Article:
"Southern Lady Code: Essays" By: Helen Ellis

Apr 19, 2019

“Southern Lady Code: Essays”

Author: Helen Ellis  

Publisher: Doubleday

Pages: 203

Price: $22.00 (Hardcover)

Helen Ellis, raised in Tuscaloosa, has been, through two previous volumes, a very funny writer. Her novel "Eating the Cheshire Cat," set on the UA campus, is a delight and her short story collection, "American Housewife" is a treat.

This gathering of 25 short, personal essays presents itself as comic writing, and some essays are just that, but many of the best essays are better described as wry, candid, clever, and occasionally downright moving.

To begin with the title.

The "Southern Lady Code," a leitmotif in these essays, is defined by Ellis this way: "If you don't have something nice to say, you say something not so nice in a nice way." All people who settle in Alabama successfully must learn to crack this code. Whether her fellow New Yorkers ever get it seems problematical to me.

Describing her own clothing style, for example, Ellis writes, "I'm put together, which is Southern Lady Code for ‘You can take me to church or Red Lobster and I'll fit in fine.’"

She even knows the difference between shirts and blouses (shirts are stiff; blouses billow).

“I am sorry you saw something that offended you” means "Get that stick out of your butt, Miss prissy pants."

With books, "vintage" means dog-eared. “Vintage” is a very useful code word, actually, for any worn items.

One of the places coded messages are most needed is in speaking of sexuality. In Ellis' graduating class at Central High, she reports, some of the buys were "shy," “respectful," "artistic" or "sensitive" There were no gay classmates.

1988 now seems a long time ago.

She writes with wonder at the change Marie Kondo’s popular book on tidying up has made in her life. It turns out her “pretty boxes of novel manuscripts that were never published did not spark joy.” Out they went.

Helen Ellis moved to NYC right after college and, in the course of time, became friends with a great many openly gay men. Some of her best writing concerns these friendships. In one she is the only female guest at a gay bachelor party--a dream come true. "To me," she says, "a room full of gay men is like Narnia." She loves it.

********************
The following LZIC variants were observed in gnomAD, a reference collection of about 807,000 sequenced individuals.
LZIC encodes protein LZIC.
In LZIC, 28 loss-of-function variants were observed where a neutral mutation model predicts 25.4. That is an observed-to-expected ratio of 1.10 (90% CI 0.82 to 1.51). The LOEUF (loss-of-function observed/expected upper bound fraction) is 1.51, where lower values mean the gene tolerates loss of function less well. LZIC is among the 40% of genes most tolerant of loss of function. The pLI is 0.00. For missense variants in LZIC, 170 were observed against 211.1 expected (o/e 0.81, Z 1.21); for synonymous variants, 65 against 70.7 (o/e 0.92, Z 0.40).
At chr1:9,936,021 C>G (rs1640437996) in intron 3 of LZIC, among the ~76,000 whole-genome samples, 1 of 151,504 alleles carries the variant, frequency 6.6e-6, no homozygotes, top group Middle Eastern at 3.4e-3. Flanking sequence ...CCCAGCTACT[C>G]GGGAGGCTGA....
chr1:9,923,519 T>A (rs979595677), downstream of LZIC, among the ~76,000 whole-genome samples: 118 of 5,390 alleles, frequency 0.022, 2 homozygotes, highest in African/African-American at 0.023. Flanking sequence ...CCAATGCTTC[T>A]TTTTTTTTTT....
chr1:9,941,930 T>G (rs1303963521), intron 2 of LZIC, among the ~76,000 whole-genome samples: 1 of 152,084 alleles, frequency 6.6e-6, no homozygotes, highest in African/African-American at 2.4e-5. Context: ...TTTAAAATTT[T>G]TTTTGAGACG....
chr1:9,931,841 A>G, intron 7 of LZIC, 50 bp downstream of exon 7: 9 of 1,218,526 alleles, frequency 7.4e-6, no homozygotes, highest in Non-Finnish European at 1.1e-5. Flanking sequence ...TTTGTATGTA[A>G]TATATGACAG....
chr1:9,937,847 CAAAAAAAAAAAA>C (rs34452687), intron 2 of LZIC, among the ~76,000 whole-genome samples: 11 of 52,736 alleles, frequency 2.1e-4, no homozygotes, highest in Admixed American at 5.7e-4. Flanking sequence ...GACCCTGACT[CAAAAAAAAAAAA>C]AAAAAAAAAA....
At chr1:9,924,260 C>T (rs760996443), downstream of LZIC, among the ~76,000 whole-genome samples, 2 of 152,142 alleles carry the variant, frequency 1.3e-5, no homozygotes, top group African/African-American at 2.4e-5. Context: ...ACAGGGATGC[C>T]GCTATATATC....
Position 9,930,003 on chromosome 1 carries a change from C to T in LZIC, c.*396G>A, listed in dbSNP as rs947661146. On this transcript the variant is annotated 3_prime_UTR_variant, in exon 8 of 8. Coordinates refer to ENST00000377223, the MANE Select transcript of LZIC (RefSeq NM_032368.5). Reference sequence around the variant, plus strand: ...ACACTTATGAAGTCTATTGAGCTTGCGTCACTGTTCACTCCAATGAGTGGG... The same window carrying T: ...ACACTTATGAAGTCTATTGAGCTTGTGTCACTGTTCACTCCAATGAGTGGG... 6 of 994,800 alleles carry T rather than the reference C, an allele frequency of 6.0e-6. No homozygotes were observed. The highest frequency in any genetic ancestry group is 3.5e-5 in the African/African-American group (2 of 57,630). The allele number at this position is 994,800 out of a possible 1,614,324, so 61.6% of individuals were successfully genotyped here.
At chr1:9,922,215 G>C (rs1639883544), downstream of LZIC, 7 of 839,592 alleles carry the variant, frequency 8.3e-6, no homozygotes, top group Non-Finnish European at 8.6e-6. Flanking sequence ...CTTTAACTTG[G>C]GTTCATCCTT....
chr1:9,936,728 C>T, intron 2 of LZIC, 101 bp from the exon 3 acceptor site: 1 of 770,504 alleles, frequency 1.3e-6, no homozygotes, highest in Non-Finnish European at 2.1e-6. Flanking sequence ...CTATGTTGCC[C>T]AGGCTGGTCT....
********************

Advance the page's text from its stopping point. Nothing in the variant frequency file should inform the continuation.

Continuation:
Several of these essays are bravely personal, in different ways.

Obviously, the primary readers for these essays would be women, but sometimes a male reader can get a look into a sphere he otherwise barely knows exists. In “American Housewife” one of the most moving stories is of “The Fitter,” a man with a gift for fitting a woman with exactly the right bra. This, Ellis tells us, can be a life-changing experience.

In “Lady Code” the subject is mammograms. Because Ellis has “dense breasts,” that is, “thickened like congealed New England clam chowder,” frequent mammograms are a good idea. This is too bad because, she says “it hurts so much I curse like a fourth-grade boy on a field trip.”

There’s more, follow-ups, and ultrasounds, but women readers already know all about this business.

Ellis and her husband, happily married, have chosen not to have children. 

"We do what we want, when we want. We do for each other. We do well for ourselves. We enjoy life's little pleasures." 

"If it happens, it happens" is Lady Code for “we don't want children.”

Although assertive about her life choices, one would not call Ellis judgmental.

Mostly.

But the etiquette essays in this book are worth studying.

She gives instruction on how to be a considerate airplane traveler. Check your bulky carry-on. Turn off your phone, for god's sake.

She also has party advice. For party food Ellis favors mail order, spiral-cut ham, and cheese logs, following her grandmother's advice which was: give your guests what they really want.

That is Code for: "There's nothing less fun than caviar on toast points."

Well, to each his own there, I think.

There are also useful instructions on how to be the best dinner party guest.

Arrive on time. Spread compliments. Do what the hostess tells you; go through promptly to the next room. Don't argue with the hostess, offering stubbornly to stay and help with the dishes. Write a thank you note, right away. You will already have laid out your pen and stationery by your bedside.

Don Noble is host of the Alabama Public Television literary interview show “Bookmark with Don Noble.” His most recent book is Belles’ Letters 2, a collection of short fiction by Alabama women.